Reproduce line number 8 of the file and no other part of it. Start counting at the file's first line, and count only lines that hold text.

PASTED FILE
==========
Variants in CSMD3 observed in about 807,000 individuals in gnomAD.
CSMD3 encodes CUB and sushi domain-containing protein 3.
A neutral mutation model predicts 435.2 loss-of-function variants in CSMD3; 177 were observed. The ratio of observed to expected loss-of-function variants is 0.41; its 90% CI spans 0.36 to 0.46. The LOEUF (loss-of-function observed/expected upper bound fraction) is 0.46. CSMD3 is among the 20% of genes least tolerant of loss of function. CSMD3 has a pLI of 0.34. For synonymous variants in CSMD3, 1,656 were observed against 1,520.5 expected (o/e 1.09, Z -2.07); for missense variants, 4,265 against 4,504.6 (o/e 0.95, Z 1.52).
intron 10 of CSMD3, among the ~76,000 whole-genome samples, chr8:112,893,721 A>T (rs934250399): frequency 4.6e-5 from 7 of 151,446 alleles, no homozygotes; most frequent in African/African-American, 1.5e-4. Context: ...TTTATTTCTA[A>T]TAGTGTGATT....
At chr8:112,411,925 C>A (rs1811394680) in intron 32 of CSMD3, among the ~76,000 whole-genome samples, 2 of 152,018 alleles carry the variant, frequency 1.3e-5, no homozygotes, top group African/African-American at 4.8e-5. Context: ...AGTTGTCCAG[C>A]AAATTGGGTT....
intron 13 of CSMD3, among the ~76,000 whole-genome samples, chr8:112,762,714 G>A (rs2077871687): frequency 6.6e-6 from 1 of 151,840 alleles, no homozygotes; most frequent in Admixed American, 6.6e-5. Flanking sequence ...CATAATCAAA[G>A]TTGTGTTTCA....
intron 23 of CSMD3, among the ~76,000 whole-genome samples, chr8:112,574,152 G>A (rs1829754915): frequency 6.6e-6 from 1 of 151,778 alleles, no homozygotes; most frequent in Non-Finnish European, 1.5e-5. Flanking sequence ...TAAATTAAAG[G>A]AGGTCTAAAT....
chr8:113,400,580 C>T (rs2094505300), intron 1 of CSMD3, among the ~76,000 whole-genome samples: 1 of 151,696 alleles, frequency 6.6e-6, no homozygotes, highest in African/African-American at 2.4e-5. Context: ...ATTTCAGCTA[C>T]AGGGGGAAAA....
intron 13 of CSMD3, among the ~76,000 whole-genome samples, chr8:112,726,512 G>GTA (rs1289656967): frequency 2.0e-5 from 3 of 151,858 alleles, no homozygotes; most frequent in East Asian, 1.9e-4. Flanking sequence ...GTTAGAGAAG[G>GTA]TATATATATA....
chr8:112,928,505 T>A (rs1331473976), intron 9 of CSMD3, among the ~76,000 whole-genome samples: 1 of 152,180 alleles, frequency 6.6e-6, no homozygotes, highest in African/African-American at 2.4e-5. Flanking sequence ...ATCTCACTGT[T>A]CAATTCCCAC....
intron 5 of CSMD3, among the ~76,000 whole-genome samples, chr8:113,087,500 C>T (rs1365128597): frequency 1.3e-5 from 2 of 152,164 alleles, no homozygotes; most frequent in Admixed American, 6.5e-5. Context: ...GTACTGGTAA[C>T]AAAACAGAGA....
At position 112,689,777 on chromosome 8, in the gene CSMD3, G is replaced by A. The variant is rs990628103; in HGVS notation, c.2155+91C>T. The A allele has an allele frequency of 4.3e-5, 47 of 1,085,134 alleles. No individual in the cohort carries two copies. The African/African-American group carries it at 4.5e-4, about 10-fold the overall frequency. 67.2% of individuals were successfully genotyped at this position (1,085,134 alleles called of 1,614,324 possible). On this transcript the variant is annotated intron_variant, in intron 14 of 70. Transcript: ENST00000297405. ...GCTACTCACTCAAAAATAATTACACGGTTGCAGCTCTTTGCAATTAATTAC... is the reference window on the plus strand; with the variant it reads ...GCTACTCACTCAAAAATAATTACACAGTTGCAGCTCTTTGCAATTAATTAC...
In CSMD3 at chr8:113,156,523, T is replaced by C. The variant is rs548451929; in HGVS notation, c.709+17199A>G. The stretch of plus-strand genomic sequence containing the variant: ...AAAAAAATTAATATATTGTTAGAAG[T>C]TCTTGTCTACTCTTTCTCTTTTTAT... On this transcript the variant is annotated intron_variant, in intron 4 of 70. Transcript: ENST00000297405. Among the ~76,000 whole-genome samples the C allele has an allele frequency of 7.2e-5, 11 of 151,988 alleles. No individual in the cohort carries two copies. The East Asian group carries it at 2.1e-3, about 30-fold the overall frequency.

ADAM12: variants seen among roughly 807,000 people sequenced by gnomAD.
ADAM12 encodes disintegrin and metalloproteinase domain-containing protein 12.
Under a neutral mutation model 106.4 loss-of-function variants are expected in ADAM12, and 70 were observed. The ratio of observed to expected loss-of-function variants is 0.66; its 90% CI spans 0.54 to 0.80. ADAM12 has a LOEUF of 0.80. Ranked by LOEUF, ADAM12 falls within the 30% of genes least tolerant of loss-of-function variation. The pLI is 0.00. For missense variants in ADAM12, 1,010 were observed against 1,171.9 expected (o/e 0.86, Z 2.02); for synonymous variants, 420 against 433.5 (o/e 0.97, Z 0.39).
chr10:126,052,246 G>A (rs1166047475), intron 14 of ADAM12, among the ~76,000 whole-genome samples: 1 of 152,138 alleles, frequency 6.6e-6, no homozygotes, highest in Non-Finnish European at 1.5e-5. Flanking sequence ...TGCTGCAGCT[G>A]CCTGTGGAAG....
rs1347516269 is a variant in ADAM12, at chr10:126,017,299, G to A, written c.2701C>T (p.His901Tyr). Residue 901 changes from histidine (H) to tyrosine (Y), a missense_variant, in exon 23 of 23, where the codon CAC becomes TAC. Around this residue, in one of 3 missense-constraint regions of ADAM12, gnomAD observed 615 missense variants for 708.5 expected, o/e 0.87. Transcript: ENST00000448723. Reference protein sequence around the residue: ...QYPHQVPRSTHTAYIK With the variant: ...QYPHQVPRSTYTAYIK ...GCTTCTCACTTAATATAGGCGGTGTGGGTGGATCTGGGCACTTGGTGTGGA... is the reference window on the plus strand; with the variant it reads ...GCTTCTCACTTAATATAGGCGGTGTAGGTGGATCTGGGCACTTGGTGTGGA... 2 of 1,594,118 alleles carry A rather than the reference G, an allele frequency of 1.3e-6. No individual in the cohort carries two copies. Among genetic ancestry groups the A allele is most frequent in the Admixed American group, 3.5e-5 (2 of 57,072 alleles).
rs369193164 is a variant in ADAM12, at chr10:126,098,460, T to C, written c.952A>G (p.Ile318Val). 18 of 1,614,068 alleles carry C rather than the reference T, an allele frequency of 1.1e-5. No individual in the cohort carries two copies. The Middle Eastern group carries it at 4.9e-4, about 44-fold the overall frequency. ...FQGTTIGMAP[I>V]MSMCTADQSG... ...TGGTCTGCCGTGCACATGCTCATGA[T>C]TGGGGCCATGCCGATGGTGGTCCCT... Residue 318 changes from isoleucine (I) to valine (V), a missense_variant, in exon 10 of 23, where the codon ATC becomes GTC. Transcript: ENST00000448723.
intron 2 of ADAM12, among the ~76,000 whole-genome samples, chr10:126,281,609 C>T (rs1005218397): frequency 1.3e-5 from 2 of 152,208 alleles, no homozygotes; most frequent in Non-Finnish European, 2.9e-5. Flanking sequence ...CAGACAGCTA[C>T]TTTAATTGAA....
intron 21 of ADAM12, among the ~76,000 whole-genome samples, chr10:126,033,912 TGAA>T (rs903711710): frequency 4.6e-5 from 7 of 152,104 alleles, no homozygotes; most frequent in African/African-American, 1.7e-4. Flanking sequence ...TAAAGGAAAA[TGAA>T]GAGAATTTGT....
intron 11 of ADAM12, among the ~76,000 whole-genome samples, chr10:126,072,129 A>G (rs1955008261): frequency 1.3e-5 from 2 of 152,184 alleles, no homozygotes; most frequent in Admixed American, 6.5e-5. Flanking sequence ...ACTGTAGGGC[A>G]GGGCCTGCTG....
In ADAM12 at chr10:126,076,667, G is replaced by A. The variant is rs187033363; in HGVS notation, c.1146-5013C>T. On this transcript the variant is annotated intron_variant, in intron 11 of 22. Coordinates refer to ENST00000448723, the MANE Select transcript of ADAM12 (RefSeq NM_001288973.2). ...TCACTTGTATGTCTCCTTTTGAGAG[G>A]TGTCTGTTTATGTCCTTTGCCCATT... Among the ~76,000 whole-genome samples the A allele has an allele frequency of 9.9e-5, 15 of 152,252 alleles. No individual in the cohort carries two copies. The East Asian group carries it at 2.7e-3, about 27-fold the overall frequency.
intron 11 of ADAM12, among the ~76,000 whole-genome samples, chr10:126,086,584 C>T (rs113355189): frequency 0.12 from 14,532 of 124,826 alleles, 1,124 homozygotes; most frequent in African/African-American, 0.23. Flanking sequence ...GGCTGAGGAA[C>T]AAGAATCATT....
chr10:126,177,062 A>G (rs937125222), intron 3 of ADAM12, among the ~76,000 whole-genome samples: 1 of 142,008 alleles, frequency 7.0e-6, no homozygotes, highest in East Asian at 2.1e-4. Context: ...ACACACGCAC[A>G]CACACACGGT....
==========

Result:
chr8:113,400,580 C>T (rs2094505300), intron 1 of CSMD3, among the ~76,000 whole-genome samples: 1 of 151,696 alleles, frequency 6.6e-6, no homozygotes, highest in African/African-American at 2.4e-5. Context: ...ATTTCAGCTA[C>T]AGGGGGAAAA....